After my anti-Obama peace prize rant of two weeks ago, this morning I wake up to discover that Obama is issuing a directive telling federal law officials not to pursue prosecutions of pot-smoking patients in states that have legalized medical marijuana. (Details are here.)
This isn't quite the first thing I've agreed on with Obama. I thought he was correct to raise the federal restrictions on funding of stem-cell research. (Though, I always was bothered that the Bush policy was misrepresented, since it was referred to as a ban, when, in fact, the research was still legal with private or state money.) I also think that pulling back on deploying a missile defense shield makes sense. We are out of money; the Soviet Union was, according to some interpretations of history, bankrupted by an arms race with the US. We are now being bankrupted by much smaller, weaker states, or even non-states. Osama bin Laden spent a few thousand dollars to engineer 9-11. The cost of us launching a war against terrorism in response is arguably over a trillion dollars by now, all of it funded by debt. Some pundits say that we need to build the missile shield to guard against Iranian missiles. But, again, it's asymmetric; we're spending tens, if not hundreds, of billions of dollars of borrowed money to defend against weapons that, like Saddam's mythical nukes and bio-weapons, may not even exist. (The missiles exist, yes, but a nuclear warhead is highly debatable.)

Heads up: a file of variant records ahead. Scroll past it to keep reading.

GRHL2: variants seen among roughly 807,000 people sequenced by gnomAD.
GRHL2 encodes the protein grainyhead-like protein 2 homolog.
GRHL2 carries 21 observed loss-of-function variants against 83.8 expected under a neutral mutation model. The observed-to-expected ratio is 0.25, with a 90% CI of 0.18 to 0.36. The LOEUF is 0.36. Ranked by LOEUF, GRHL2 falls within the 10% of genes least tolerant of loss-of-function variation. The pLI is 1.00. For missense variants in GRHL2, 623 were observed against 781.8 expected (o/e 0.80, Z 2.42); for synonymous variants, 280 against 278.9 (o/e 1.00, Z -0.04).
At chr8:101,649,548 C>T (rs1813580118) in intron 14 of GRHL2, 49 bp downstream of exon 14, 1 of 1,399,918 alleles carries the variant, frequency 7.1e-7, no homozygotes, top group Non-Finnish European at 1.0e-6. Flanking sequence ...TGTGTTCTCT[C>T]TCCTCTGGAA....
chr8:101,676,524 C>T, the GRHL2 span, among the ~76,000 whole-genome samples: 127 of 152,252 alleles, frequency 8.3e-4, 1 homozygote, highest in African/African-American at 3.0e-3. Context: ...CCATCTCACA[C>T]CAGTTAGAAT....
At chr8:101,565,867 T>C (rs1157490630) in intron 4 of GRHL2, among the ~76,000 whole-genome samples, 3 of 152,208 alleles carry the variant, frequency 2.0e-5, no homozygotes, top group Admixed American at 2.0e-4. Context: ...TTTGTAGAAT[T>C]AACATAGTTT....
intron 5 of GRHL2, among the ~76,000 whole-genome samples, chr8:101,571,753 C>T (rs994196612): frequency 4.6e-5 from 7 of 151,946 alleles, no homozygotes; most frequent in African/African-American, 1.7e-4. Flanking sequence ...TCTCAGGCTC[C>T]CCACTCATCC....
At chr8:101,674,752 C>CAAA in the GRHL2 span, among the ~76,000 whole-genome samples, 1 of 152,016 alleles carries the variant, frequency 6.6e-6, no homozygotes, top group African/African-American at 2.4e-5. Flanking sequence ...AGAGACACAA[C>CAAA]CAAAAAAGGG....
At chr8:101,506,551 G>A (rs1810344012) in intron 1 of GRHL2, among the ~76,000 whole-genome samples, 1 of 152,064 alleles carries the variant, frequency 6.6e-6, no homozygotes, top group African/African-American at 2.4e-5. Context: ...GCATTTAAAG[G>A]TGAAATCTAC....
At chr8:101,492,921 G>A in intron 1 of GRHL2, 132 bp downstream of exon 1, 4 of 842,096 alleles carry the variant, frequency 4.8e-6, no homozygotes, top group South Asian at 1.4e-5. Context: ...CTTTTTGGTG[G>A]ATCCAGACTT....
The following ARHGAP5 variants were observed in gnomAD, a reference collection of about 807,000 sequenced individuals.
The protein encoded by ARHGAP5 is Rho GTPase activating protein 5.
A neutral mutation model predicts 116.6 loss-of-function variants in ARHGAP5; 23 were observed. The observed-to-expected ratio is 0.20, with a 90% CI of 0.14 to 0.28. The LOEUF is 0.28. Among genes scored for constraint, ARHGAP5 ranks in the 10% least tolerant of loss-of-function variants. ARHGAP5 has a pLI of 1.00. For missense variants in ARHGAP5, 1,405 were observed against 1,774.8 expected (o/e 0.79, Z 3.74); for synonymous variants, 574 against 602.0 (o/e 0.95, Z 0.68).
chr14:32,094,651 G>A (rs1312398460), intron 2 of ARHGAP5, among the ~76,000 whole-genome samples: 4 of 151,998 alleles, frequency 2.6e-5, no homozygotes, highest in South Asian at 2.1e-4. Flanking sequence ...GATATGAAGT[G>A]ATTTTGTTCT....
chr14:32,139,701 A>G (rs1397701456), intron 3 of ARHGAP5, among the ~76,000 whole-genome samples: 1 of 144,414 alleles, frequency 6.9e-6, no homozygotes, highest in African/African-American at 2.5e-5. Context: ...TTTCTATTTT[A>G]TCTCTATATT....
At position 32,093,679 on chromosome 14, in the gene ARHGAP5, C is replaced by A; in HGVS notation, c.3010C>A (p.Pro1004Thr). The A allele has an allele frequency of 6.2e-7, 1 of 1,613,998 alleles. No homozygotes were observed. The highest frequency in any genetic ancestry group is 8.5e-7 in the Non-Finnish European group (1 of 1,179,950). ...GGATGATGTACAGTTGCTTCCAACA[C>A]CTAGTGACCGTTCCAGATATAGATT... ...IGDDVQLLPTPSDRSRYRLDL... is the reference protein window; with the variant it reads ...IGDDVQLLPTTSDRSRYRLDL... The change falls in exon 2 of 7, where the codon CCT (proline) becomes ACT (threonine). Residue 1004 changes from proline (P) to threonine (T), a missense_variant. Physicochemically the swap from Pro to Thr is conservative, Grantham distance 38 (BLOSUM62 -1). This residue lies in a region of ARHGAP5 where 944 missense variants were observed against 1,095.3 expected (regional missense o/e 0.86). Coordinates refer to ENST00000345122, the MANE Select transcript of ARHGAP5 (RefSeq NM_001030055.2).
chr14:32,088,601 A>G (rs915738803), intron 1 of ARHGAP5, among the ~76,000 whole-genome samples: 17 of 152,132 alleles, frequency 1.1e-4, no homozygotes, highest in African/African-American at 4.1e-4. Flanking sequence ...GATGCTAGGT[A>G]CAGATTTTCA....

If we were a nation running a budget surplus, I might feel generous about spending ten billion here or ten billion there to defend Poland or Hungary. But we're a nation $10 trillion in the red. We are far more vulnerable to economic warfare at this point than we are to missile strikes.
Anyway back to pot: I will again be critical of Obama in saying that I wish he'd gone further. I would have liked to see him declare the 80 year old war against pot over entirely and just go ahead and legalize it all. It would save money, and maybe even earn some dough if we taxed it like cigarettes and booze. I have never smoked pot. Never even been interested. But, the pot smokers I've known have been pretty ordinary people, holding down full-time jobs, raising kids, even attending churches. The drug remains illegal only because no serious politician has the courage to come out and say what everyone knows: it's just not that dangerous. As for the argument that it's a gateway drug, I would argue that if it is a gateway, it's solely because it's illegal. Right now, if you want to buy pot, you have to do so on the black market, where other, more harmful drugs, are also going to be available. Make it legal, and you could buy it in grocery stores along with beer and cigarettes--it would mainly be a gateway drug to potato chips, which really are dangerous to your health, but that's a whole different blog post.